Calopteryx haemorrhoidalis (Vander Linden, 1825)
Type locality: Lazio, Italy
A stunning demoiselle, easily identified by the carmine ‘tail-light’ of the male and dark apical Hw spot of the female. Typical males are unmistakable by their reddish bronze body and largely dark wings, which appear dark brown (in stead of blue) when closed and have a conspicuous clear area at base. The demarcation of the clear base is notably oblique because the coloured area runs almost to the wing base anteriorly. Locally males appear brown, purplish, dark blue, olive or almost black. This colour is always darker and duller than the bright green to blue of C. exul and C. virgo, while the wings appear brown to black, not blue. Males have the underside of the abdomen tip uniformly bright pink to vivid red. The metallic green to bronze females are unmistakable by the contrasting dark Hw tips, and unlike other females have narrow pale humeral lines. In both sexes the tibiae are frequently rusty brown (black in other Calopteryx). [Adapted from Dijkstra & Lewington 2006]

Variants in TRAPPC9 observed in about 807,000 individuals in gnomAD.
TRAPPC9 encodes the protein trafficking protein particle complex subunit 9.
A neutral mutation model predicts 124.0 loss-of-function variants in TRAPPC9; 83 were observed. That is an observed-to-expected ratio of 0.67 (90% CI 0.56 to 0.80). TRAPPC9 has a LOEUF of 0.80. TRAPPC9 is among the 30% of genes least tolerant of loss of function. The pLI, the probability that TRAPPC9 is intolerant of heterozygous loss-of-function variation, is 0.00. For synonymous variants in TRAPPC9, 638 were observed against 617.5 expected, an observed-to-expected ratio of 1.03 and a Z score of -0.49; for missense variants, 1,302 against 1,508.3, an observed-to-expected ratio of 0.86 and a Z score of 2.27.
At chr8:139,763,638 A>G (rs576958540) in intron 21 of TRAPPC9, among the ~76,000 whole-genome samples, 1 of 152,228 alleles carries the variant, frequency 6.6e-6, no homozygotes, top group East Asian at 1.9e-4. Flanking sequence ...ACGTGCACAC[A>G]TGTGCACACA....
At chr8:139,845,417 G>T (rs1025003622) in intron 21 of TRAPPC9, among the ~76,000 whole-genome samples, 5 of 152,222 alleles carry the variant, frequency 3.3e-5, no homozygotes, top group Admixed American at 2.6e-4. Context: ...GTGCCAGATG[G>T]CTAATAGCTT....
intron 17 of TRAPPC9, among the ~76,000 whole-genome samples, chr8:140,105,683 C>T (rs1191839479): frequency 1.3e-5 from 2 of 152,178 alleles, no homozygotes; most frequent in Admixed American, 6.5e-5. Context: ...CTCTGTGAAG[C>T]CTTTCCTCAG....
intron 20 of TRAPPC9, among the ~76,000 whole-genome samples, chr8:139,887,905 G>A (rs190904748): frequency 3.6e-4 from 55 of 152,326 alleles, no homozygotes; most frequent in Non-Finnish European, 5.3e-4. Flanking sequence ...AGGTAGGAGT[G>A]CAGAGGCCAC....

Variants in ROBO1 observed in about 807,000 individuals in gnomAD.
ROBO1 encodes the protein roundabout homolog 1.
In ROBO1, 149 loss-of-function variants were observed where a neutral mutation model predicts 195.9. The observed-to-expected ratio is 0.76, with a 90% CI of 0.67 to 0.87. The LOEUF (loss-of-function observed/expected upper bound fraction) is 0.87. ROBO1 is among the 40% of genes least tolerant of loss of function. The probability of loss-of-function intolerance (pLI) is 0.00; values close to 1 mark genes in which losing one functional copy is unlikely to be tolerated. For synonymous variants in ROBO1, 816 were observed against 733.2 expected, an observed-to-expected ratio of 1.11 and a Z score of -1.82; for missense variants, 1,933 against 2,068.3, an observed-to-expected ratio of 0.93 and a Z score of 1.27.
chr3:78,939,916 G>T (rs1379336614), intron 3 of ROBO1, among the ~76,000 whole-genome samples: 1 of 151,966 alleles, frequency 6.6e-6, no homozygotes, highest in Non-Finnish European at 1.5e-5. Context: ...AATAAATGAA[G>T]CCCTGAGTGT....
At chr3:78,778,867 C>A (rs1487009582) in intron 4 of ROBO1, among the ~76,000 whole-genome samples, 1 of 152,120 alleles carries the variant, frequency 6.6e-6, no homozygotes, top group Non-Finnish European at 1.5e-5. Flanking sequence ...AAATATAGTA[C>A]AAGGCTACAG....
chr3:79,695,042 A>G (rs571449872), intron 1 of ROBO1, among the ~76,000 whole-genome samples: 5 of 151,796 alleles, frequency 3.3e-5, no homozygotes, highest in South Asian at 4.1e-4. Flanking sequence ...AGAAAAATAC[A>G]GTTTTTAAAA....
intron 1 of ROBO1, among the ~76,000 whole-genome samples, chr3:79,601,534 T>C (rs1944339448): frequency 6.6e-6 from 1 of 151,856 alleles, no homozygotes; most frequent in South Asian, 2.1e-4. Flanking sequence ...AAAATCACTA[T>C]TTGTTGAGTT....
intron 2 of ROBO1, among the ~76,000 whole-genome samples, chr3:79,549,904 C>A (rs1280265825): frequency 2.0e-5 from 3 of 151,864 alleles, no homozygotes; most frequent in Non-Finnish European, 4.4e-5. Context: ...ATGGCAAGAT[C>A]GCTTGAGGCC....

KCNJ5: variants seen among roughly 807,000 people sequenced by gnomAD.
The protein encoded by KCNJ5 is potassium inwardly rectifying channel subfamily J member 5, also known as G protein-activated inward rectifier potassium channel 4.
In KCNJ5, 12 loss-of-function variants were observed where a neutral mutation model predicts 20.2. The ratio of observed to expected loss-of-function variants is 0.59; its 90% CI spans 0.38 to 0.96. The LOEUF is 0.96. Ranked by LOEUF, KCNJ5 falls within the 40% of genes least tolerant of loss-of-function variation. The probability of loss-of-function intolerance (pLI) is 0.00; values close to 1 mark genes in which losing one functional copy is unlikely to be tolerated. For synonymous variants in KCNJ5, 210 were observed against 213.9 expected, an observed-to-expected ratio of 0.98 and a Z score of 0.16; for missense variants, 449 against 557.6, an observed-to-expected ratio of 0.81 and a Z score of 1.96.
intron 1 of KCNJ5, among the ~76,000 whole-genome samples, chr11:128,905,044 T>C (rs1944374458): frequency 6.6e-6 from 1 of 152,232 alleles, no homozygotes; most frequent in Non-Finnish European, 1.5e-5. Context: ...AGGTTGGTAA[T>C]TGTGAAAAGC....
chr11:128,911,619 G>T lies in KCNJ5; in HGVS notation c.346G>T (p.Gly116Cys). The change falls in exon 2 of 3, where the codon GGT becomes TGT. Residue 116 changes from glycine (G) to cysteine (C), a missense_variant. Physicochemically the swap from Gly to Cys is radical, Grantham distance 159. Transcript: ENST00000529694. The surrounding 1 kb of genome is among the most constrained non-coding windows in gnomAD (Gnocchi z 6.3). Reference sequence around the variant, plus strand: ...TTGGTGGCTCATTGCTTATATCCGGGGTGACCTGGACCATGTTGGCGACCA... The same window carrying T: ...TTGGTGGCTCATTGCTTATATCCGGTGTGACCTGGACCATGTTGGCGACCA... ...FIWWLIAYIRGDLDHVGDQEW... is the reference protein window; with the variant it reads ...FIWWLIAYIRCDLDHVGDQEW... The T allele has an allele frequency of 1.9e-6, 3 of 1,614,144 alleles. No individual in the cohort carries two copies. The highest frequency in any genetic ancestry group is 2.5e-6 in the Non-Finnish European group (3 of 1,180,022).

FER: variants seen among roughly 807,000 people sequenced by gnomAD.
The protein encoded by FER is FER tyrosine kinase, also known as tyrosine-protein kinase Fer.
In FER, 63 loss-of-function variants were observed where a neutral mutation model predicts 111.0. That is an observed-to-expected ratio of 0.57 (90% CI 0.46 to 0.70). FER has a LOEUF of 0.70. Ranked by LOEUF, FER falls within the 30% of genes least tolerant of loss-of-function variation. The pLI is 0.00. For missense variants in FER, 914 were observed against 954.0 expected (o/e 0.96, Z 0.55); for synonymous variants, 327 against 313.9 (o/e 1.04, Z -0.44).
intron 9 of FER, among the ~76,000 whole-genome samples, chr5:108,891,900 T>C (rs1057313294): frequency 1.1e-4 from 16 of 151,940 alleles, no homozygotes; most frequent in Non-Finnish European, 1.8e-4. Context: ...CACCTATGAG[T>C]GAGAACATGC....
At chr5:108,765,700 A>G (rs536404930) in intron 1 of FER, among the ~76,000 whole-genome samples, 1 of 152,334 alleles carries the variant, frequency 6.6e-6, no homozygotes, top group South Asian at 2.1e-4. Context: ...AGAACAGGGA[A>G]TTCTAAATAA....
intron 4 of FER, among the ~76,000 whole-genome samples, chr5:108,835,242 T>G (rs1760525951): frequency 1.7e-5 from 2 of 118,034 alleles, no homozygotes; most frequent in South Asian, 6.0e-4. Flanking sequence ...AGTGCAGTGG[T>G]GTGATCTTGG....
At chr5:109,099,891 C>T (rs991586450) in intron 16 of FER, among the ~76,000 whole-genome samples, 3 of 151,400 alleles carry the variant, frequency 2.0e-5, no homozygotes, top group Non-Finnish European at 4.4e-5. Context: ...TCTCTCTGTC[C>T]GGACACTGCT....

Rivers and (headwater) streams in open landscapes or open areas in forest. Often with emergent and aquatic vegetation, submerged roots, coarse detritus and/or rocks. From 0 to 2100 m above sea level, but mostly below 1100, although possibly up to 2500.
Map citation: Clausnitzer, V., K.-D.B. Dijkstra, R. Koch, J.-P. Boudot, W.R.T. Darwall, J. Kipping, B. Samraoui, M.J. Samways, J.P. Simaika & F. Suhling, 2012. Focus on African Freshwaters: hotspots of dragonfly diversity and conservation concern. Frontiers in Ecology and the Environment 10: 129-134.
- Vander Linden, P.L. (1825). Monographiae Libellulinarum Europaearum Specimen. J. Frank, Bruxelles, 1-42.
Citation: Dijkstra, K.-D.B (editor). African Dragonflies and Damselflies Online. http://addo.adu.org.za/ [2019-03-26].